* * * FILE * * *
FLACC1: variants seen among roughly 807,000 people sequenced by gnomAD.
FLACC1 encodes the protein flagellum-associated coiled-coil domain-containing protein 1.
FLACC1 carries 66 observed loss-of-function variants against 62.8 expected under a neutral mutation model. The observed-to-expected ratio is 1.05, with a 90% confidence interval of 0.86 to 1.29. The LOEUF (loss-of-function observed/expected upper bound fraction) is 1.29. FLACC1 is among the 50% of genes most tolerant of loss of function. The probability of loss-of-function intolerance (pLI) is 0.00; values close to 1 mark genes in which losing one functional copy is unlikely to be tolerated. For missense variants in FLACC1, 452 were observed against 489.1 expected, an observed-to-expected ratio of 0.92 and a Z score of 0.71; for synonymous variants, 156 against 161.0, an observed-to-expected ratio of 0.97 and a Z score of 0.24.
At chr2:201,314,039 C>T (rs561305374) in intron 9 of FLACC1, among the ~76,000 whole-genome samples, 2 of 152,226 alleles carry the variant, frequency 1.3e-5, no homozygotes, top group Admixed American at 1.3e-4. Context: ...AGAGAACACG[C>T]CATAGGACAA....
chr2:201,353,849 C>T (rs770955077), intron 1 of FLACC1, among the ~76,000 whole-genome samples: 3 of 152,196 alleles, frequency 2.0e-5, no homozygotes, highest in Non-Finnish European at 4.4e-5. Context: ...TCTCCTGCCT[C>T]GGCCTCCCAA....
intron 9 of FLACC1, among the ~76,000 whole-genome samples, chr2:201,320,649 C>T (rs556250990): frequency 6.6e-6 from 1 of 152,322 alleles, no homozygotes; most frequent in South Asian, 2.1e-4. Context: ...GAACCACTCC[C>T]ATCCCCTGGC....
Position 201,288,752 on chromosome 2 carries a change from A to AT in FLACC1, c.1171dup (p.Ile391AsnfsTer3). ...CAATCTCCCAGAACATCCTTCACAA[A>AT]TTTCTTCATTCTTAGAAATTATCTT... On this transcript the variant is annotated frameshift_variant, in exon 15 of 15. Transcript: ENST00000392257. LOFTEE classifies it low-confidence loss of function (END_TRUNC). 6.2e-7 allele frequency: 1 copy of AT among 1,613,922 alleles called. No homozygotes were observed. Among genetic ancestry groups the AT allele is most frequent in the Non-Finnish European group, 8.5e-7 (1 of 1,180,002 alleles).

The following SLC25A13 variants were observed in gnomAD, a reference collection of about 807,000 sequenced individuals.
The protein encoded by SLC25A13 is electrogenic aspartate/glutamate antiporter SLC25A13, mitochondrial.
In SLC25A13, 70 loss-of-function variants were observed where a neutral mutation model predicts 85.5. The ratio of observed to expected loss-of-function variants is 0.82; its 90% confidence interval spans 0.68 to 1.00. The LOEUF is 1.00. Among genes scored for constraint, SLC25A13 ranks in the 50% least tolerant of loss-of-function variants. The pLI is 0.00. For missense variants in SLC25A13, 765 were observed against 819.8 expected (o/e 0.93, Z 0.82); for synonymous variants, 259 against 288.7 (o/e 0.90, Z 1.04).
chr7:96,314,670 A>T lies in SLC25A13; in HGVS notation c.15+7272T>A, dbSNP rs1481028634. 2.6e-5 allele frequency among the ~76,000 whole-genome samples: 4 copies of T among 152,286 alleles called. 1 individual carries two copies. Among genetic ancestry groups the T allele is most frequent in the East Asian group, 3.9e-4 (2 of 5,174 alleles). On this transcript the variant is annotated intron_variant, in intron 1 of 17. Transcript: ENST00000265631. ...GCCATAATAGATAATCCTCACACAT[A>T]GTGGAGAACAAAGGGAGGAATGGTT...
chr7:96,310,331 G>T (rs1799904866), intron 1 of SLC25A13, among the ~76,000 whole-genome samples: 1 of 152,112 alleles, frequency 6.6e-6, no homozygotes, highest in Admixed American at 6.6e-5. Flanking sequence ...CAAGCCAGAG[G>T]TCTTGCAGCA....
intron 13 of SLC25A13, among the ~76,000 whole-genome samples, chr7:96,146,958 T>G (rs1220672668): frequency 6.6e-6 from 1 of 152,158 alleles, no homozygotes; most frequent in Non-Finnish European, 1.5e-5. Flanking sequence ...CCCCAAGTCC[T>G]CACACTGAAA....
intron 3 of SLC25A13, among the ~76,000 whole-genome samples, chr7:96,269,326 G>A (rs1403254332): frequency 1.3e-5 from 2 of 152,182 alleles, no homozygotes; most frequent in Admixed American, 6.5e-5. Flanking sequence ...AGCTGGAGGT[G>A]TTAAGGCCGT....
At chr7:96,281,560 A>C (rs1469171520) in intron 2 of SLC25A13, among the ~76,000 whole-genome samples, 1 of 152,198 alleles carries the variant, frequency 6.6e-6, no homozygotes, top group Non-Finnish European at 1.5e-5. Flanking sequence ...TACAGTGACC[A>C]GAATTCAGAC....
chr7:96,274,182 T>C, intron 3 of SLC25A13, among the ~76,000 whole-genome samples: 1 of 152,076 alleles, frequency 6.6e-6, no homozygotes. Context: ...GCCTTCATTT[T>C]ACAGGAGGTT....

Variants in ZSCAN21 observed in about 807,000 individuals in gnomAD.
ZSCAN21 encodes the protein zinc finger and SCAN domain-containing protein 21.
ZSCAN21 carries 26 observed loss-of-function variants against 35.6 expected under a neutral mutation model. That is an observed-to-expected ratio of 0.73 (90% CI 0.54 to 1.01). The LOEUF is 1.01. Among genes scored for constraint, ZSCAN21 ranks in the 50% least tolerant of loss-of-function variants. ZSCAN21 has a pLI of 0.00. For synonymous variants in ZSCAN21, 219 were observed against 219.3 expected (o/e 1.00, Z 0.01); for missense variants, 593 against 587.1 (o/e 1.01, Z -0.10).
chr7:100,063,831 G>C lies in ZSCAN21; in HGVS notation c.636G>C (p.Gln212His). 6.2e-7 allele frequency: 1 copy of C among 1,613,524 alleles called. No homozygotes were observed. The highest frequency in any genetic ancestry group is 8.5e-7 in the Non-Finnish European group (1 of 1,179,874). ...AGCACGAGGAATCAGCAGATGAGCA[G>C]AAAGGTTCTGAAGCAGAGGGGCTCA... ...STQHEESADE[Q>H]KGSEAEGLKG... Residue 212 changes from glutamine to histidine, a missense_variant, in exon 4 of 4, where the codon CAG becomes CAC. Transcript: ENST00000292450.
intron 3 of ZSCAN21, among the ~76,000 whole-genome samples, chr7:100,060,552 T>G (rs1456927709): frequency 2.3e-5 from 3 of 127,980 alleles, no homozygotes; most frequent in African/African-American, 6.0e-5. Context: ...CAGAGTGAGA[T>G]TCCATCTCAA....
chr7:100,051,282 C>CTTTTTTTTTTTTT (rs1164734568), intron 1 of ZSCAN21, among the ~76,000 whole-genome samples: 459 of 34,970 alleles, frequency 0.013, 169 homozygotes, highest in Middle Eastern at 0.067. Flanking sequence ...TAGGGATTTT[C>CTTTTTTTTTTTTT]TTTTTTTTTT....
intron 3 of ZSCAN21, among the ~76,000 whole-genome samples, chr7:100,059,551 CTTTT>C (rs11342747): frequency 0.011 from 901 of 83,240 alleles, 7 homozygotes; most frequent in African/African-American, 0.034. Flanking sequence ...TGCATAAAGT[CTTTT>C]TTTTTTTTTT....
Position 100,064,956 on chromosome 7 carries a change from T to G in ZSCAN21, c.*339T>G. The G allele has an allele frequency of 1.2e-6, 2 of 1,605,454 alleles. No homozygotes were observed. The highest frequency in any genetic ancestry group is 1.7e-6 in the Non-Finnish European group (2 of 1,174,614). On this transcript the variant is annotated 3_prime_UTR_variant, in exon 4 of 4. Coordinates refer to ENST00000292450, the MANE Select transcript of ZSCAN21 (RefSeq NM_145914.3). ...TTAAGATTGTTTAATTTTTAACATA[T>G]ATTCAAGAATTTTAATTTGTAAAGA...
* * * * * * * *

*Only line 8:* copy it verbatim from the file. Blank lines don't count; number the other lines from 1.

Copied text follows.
The following SLC25A13 variants were observed in gnomAD, a reference collection of about 807,000 sequenced individuals.